"The Pursuit of a Plan" by Sunny Park, Founder of Good Neighboring Foundation, Inc., Former Chairman of Education Committee, White House Commission on Asian Americans and Pacific Islanders

Sunny K. Park was born as Park Il-chun in the Wangsimni neighborhood of Seoul, Korea, in 1942, the only child of Pyungnim and Songhak Park. When he was eight years old, the Korean War broke out, which had a profound impact on him, as he saw people who spoke the same language and shared the same culture fighting and killing each other over ideology: democracy versus communism. He saw firsthand the brutalities of war: people being shot and killed in front of him, dead bodies lying in the street. He and his mother, Pyungnim, were forced to flee Seoul, and they walked to a refugee camp in Suwon and Seongnam, where they lived for three years.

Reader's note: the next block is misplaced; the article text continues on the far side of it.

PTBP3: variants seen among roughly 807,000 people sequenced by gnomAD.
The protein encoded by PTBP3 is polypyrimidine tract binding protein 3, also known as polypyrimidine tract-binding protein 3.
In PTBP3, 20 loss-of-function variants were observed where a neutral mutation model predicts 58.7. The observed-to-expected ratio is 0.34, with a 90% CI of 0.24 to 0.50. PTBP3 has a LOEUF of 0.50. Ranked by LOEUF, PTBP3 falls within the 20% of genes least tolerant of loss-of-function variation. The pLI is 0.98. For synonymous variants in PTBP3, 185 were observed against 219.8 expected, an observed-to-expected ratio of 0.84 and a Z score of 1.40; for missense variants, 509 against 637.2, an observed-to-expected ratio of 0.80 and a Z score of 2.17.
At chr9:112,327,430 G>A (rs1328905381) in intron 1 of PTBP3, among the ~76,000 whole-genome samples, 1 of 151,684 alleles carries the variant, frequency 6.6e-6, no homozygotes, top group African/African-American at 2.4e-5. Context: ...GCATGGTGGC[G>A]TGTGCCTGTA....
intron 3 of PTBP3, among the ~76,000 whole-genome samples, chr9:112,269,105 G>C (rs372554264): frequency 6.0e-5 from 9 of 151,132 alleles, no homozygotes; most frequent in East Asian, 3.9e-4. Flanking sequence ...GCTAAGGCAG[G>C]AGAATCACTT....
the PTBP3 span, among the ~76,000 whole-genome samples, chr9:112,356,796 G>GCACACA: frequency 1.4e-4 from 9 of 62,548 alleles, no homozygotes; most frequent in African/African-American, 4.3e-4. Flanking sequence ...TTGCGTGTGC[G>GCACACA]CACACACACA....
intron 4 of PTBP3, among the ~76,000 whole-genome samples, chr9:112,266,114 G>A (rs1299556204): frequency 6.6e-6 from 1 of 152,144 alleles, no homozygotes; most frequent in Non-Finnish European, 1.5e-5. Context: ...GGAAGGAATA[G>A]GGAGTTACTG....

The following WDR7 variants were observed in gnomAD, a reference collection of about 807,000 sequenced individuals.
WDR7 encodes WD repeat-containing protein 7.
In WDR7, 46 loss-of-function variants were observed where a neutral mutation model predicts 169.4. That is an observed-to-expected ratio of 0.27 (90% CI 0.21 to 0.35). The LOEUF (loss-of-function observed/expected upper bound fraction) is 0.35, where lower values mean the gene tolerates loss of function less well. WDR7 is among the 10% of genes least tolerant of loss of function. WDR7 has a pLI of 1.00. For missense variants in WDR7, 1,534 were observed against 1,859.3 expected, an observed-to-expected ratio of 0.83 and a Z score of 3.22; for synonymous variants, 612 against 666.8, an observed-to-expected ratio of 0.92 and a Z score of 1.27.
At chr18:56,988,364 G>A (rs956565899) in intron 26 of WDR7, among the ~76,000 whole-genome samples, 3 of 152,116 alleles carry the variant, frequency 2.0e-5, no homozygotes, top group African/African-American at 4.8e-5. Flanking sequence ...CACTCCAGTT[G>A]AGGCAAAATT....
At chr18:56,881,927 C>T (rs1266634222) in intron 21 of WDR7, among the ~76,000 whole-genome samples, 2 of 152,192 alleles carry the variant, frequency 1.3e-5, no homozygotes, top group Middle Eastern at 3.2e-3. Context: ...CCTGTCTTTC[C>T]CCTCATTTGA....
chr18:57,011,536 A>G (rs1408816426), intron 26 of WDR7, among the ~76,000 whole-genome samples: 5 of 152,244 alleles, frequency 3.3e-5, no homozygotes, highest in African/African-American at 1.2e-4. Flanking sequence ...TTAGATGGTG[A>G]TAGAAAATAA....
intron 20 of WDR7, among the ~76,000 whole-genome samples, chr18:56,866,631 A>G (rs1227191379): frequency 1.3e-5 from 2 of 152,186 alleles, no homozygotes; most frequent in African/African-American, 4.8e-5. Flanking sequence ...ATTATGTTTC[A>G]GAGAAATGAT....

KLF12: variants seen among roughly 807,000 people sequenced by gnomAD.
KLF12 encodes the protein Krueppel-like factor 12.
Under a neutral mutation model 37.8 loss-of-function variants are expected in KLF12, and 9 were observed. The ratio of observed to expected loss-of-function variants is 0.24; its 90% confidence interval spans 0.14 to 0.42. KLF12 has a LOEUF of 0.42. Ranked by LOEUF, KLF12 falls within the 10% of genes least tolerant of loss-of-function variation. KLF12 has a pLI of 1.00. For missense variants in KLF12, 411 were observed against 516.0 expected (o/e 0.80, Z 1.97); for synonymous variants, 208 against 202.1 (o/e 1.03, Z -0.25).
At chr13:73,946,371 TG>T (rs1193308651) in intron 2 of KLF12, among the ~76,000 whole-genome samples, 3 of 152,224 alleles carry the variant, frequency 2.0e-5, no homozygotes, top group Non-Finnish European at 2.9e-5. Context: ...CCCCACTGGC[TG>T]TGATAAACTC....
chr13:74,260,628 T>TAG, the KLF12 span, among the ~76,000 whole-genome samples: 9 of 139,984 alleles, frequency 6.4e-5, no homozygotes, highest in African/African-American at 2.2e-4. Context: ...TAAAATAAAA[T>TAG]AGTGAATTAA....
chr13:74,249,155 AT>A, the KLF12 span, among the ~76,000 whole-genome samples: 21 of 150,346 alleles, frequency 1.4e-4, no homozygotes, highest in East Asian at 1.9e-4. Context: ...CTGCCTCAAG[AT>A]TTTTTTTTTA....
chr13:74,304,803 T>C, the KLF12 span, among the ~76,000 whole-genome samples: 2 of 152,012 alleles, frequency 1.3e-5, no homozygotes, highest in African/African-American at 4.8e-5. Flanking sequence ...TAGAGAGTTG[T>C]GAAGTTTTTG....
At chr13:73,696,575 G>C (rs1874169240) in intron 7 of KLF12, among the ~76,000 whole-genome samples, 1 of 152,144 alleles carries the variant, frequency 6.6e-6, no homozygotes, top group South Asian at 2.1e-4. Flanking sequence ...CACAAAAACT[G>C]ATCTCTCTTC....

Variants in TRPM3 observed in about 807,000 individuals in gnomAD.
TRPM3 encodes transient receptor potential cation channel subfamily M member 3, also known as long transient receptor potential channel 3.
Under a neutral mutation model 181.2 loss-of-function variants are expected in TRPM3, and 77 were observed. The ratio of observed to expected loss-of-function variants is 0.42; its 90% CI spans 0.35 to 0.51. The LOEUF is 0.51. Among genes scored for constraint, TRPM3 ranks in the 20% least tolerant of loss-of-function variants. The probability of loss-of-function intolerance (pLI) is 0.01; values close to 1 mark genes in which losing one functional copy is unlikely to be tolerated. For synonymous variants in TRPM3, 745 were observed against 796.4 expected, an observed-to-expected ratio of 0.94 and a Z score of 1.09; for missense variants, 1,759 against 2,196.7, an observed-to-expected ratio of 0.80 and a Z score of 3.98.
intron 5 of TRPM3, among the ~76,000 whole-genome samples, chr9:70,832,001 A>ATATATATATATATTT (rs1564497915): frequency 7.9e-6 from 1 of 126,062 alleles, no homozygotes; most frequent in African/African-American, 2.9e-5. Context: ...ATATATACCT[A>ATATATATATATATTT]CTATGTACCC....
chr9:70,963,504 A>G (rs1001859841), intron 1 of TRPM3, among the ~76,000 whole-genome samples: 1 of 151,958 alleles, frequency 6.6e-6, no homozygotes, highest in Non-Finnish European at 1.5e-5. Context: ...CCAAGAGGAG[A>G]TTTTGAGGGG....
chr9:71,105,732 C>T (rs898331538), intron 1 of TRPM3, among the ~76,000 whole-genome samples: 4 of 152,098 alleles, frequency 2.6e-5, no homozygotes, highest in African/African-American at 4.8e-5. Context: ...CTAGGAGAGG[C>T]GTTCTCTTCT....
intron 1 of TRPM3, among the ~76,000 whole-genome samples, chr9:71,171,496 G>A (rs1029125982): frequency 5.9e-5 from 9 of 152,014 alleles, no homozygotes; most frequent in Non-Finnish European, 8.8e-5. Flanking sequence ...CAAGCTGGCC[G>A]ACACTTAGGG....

When U.S. soldiers came in to help the South Koreans, Park also learned that there were people who looked different from him and his family—some were white with blond hair, some were black with curly hair. During this time, as he understood that they were fighting for him and his neighbors, he gained an appreciation and admiration for Americans. Since the schools were closed, Park spent most of his time in these years playing in the muddy streets and tagging along behind American soldiers. The soldiers always gave the poor Korean children wandering around the campsites something, such as canned meat, chocolates, or chewing gum. The first English phrase Park learned was, “Give me.” Sometimes, a child could bring home enough food to feed the family. Americans also sent food to fight hunger and malnourishment, coats to keep Koreans warm, and school supplies. The young Park came to view Americans as a “very rich and generous” group.

 

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